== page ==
I remember reading Samantha Power’s book, A Problem From Hell: America and the Age of Genocide. Her frustration at the lack of U.S. action in the face of human suffering was palpable and understandable. She examined cable traffic and State Department press guidance which eliminated any doubt that the horrors taking place in countries like Rwanda were unknown to policymakers like U.N. Secretary General Kofi Annan and Secretary of State Warren Christopher.
Have we learned nothing?
Today in Sudan we see unfolding before us what can only be described as a recurring nightmare in that country: a genocidal government hell-bent on maintaining its grip on power, treating civilian populations as mere collateral damage.
And in the face of these murderous policies in Abyei and Southern Kordofan’s Nuba Mountains, the White House’s first public statement on the conflict came late on a Friday evening. Press statements released at 7:35 p.m. Friday in this town communicate volumes about the priority or lack thereof of the matter at hand.
Two weeks ago, with news reports of a rapidly deteriorating situation in Sudan I wrote to President Obama urging him to act swiftly to dispatch former Secretary of State Colin Powell to Sudan to attempt to secure a peaceful resolution of the crisis and salvage the Comprehensive Peace Agreement in the weeks remaining before South Sudan becomes an independent nation.
Not only is engagement at the highest levels needed, but that engagement must include sticks. We have seen time and again that dangling carrots before an indicted war criminal will never yield the desired result.
My sense of urgency is even greater today.
Last week I had the opportunity to meet with a young man who was an intern in my office. He’s been living in Sudan for the last two years engaged in humanitarian and development work. He was back in the States briefly but was in close contact with folks in Sudan, including in areas that are presently cut-off from the rest of the world.
What I heard from these sources is bone-chilling: Door to door targeted killings of SPLM supporters…mass graves…Antonov bombers indiscriminately shelling civilian populations. In short, tragedy of the highest order, unfolding right before our eyes.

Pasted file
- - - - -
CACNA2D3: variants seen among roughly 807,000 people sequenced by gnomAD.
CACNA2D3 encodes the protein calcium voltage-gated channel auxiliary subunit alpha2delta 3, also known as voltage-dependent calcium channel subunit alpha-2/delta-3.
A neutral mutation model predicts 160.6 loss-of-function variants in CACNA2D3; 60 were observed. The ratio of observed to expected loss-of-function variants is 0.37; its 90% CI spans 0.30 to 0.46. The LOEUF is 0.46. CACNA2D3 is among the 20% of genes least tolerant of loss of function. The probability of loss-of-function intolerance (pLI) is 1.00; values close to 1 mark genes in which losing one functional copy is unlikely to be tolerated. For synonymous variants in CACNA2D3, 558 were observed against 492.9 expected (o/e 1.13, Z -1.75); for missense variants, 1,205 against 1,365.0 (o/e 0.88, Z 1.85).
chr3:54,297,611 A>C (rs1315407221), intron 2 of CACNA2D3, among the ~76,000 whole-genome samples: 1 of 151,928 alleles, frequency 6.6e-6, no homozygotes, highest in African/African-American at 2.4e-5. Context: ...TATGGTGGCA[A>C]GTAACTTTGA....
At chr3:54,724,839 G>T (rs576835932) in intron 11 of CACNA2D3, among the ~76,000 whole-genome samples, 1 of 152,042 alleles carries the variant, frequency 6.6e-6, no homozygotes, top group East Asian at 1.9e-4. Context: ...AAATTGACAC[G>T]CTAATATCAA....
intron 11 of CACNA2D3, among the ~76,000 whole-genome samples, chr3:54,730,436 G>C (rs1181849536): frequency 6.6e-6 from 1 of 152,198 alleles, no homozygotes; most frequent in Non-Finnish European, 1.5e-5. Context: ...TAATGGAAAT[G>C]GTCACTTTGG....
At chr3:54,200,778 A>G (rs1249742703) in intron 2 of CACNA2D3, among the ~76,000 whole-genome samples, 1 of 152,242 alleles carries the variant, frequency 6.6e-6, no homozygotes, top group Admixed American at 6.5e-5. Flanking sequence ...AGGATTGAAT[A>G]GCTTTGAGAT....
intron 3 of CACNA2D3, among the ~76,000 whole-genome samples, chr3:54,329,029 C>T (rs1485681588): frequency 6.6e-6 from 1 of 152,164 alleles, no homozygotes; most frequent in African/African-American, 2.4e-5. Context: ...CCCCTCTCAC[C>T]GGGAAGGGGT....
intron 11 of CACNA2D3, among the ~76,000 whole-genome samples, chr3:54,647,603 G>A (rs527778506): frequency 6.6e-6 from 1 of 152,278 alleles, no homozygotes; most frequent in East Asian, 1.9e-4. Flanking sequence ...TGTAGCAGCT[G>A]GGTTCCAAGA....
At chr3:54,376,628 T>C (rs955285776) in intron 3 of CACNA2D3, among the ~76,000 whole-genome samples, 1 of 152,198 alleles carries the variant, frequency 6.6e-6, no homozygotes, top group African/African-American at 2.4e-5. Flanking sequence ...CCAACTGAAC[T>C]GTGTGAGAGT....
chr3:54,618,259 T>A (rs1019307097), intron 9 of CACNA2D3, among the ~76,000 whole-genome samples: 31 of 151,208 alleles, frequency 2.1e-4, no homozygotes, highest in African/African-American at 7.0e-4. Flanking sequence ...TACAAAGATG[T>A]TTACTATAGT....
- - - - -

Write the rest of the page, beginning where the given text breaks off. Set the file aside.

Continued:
And now, news reports indicate that the Chinese government, a long-time supporter of Khartoum, will welcome President Bashir to Beijing later this month. The two countries reportedly hope to discuss how to consolidate their “traditional friendship." I have seen first-hand the fruits of that “friendship”—the planes, helicopters and arms supplied by the Chinese government to Khartoum. There’s a reason that the 2008 Beijing Olympics were also called the “Genocide Olympics.” Asked about this upcoming visit, the State Department spokesman commented, "China shares our interest in peace in Sudan." This is wishful thinking at best, and hardly sends the needed message to China, namely that their overtures to Bashir, particularly at this juncture when once again he has blood on his hands, is unacceptable.
Last week, my good friend Chris Smith, chairman of the House Foreign Affairs Subcommittee on Africa, Global Health, and Human Rights, convened a hearing titled, “Africa's Newest Nation: The Republic of Southern Sudan.” The committee heard from several distinguished witnesses including Roger Winter, former special representative on Sudan at the U.S. Department of State.
The panelists made a variety of policy recommendations for the administration’s consideration in the hopes of stemming the killing and averting a massive humanitarian crisis. I pray they will be given every consideration.
We must not delay… Lives hang in the balance.